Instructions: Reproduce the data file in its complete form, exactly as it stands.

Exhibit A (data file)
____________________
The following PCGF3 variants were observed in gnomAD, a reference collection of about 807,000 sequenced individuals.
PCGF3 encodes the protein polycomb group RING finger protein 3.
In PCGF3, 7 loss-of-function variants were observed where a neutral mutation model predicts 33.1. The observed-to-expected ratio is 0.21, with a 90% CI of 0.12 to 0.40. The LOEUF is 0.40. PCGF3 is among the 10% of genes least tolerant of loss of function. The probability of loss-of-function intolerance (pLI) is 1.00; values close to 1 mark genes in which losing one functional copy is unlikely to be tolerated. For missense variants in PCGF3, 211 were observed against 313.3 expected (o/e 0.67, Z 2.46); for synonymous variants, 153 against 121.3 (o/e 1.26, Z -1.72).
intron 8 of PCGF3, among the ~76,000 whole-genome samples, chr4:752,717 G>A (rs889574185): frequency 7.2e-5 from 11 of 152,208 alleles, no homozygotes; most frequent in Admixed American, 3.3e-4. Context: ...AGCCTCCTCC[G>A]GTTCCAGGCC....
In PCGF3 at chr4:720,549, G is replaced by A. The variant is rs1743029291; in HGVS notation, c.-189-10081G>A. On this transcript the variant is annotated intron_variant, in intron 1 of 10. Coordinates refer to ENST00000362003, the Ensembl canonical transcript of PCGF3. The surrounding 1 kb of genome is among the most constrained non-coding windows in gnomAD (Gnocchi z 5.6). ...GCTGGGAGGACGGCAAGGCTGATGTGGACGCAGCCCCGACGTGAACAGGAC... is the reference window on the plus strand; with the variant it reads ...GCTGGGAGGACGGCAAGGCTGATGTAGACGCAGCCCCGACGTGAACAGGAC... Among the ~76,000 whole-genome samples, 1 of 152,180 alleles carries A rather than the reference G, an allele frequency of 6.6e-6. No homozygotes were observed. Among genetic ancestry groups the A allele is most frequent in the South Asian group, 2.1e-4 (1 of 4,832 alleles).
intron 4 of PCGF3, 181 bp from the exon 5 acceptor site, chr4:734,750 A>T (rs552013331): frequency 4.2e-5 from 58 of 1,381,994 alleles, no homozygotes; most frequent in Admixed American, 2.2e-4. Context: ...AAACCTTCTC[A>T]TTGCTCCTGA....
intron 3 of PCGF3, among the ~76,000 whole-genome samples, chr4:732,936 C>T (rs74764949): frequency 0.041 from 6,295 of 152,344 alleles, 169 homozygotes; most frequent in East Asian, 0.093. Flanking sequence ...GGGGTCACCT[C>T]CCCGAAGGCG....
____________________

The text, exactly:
The following PCGF3 variants were observed in gnomAD, a reference collection of about 807,000 sequenced individuals.
PCGF3 encodes the protein polycomb group RING finger protein 3.
In PCGF3, 7 loss-of-function variants were observed where a neutral mutation model predicts 33.1. The observed-to-expected ratio is 0.21, with a 90% CI of 0.12 to 0.40. The LOEUF is 0.40. PCGF3 is among the 10% of genes least tolerant of loss of function. The probability of loss-of-function intolerance (pLI) is 1.00; values close to 1 mark genes in which losing one functional copy is unlikely to be tolerated. For missense variants in PCGF3, 211 were observed against 313.3 expected (o/e 0.67, Z 2.46); for synonymous variants, 153 against 121.3 (o/e 1.26, Z -1.72).
intron 8 of PCGF3, among the ~76,000 whole-genome samples, chr4:752,717 G>A (rs889574185): frequency 7.2e-5 from 11 of 152,208 alleles, no homozygotes; most frequent in Admixed American, 3.3e-4. Context: ...AGCCTCCTCC[G>A]GTTCCAGGCC....
In PCGF3 at chr4:720,549, G is replaced by A. The variant is rs1743029291; in HGVS notation, c.-189-10081G>A. On this transcript the variant is annotated intron_variant, in intron 1 of 10. Coordinates refer to ENST00000362003, the Ensembl canonical transcript of PCGF3. The surrounding 1 kb of genome is among the most constrained non-coding windows in gnomAD (Gnocchi z 5.6). ...GCTGGGAGGACGGCAAGGCTGATGTGGACGCAGCCCCGACGTGAACAGGAC... is the reference window on the plus strand; with the variant it reads ...GCTGGGAGGACGGCAAGGCTGATGTAGACGCAGCCCCGACGTGAACAGGAC... Among the ~76,000 whole-genome samples, 1 of 152,180 alleles carries A rather than the reference G, an allele frequency of 6.6e-6. No homozygotes were observed. Among genetic ancestry groups the A allele is most frequent in the South Asian group, 2.1e-4 (1 of 4,832 alleles).
intron 4 of PCGF3, 181 bp from the exon 5 acceptor site, chr4:734,750 A>T (rs552013331): frequency 4.2e-5 from 58 of 1,381,994 alleles, no homozygotes; most frequent in Admixed American, 2.2e-4. Context: ...AAACCTTCTC[A>T]TTGCTCCTGA....
intron 3 of PCGF3, among the ~76,000 whole-genome samples, chr4:732,936 C>T (rs74764949): frequency 0.041 from 6,295 of 152,344 alleles, 169 homozygotes; most frequent in East Asian, 0.093. Flanking sequence ...GGGGTCACCT[C>T]CCCGAAGGCG....